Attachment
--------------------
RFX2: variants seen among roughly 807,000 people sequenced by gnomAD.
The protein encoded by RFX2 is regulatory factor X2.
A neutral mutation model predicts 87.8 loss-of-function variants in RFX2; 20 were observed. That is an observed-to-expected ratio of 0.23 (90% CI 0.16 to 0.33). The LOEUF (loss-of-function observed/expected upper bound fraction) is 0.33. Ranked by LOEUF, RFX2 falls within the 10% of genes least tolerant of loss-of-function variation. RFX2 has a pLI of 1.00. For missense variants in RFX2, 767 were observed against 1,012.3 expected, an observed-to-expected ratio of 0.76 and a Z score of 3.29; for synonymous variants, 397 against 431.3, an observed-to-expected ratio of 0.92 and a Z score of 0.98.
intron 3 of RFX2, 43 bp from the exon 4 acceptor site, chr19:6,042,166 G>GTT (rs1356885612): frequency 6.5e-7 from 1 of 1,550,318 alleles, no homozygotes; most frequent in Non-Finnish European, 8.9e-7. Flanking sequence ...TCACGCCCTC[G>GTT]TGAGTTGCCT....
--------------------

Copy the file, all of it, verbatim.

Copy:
RFX2: variants seen among roughly 807,000 people sequenced by gnomAD.
The protein encoded by RFX2 is regulatory factor X2.
A neutral mutation model predicts 87.8 loss-of-function variants in RFX2; 20 were observed. That is an observed-to-expected ratio of 0.23 (90% CI 0.16 to 0.33). The LOEUF (loss-of-function observed/expected upper bound fraction) is 0.33. Ranked by LOEUF, RFX2 falls within the 10% of genes least tolerant of loss-of-function variation. RFX2 has a pLI of 1.00. For missense variants in RFX2, 767 were observed against 1,012.3 expected, an observed-to-expected ratio of 0.76 and a Z score of 3.29; for synonymous variants, 397 against 431.3, an observed-to-expected ratio of 0.92 and a Z score of 0.98.
intron 3 of RFX2, 43 bp from the exon 4 acceptor site, chr19:6,042,166 G>GTT (rs1356885612): frequency 6.5e-7 from 1 of 1,550,318 alleles, no homozygotes; most frequent in Non-Finnish European, 8.9e-7. Flanking sequence ...TCACGCCCTC[G>GTT]TGAGTTGCCT....